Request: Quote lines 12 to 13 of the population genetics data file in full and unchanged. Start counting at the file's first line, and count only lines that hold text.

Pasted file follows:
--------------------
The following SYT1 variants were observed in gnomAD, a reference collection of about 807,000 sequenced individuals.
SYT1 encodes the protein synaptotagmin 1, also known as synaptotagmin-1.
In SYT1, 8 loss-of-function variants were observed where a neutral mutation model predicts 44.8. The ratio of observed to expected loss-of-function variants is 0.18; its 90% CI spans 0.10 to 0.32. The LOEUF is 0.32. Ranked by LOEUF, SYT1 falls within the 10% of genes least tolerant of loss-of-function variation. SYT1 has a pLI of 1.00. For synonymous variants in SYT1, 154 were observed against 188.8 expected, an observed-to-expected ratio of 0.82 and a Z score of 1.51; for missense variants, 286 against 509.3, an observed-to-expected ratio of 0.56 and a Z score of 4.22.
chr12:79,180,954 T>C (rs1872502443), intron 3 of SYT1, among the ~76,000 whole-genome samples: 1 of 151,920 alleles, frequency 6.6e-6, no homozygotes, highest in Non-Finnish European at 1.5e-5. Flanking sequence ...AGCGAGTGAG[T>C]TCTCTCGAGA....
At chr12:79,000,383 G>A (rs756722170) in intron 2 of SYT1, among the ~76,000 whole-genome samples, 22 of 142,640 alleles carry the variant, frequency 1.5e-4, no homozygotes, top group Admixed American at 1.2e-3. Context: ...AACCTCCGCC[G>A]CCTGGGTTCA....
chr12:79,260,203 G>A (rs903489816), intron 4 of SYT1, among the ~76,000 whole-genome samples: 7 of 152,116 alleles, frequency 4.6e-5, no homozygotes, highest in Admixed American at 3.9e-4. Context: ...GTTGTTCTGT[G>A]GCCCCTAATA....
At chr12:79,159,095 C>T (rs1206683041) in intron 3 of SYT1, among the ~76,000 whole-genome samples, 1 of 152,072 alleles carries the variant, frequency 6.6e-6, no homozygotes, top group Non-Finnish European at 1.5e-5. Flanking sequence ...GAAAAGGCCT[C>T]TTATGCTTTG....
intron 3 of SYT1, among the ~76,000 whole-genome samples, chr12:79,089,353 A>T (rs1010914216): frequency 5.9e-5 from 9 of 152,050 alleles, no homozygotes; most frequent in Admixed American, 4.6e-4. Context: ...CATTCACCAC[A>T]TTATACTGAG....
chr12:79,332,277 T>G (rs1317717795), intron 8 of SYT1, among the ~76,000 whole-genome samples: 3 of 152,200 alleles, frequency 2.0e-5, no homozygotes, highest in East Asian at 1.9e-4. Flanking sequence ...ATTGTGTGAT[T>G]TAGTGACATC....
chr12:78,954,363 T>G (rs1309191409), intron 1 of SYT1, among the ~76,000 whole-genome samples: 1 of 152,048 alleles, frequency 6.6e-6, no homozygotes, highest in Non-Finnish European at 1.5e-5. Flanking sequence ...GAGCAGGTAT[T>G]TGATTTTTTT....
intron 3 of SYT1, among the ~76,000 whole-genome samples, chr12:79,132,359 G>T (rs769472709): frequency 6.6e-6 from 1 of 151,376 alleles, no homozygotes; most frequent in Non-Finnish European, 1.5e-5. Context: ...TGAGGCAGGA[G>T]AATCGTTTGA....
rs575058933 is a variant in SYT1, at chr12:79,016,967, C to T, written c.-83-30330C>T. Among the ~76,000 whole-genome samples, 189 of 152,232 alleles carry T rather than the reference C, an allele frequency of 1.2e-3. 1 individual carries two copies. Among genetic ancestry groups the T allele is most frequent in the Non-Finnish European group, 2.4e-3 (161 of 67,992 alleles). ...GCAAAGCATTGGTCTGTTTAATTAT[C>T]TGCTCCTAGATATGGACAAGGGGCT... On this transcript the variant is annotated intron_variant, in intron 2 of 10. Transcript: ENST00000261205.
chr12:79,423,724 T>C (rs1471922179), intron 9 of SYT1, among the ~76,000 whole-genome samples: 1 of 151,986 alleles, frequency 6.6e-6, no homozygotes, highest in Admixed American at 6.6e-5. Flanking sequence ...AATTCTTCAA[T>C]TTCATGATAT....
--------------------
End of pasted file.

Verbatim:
rs575058933 is a variant in SYT1, at chr12:79,016,967, C to T, written c.-83-30330C>T. Among the ~76,000 whole-genome samples, 189 of 152,232 alleles carry T rather than the reference C, an allele frequency of 1.2e-3. 1 individual carries two copies. Among genetic ancestry groups the T allele is most frequent in the Non-Finnish European group, 2.4e-3 (161 of 67,992 alleles). ...GCAAAGCATTGGTCTGTTTAATTAT[C>T]TGCTCCTAGATATGGACAAGGGGCT... On this transcript the variant is annotated intron_variant, in intron 2 of 10. Transcript: ENST00000261205.
chr12:79,423,724 T>C (rs1471922179), intron 9 of SYT1, among the ~76,000 whole-genome samples: 1 of 151,986 alleles, frequency 6.6e-6, no homozygotes, highest in Admixed American at 6.6e-5. Flanking sequence ...AATTCTTCAA[T>C]TTCATGATAT....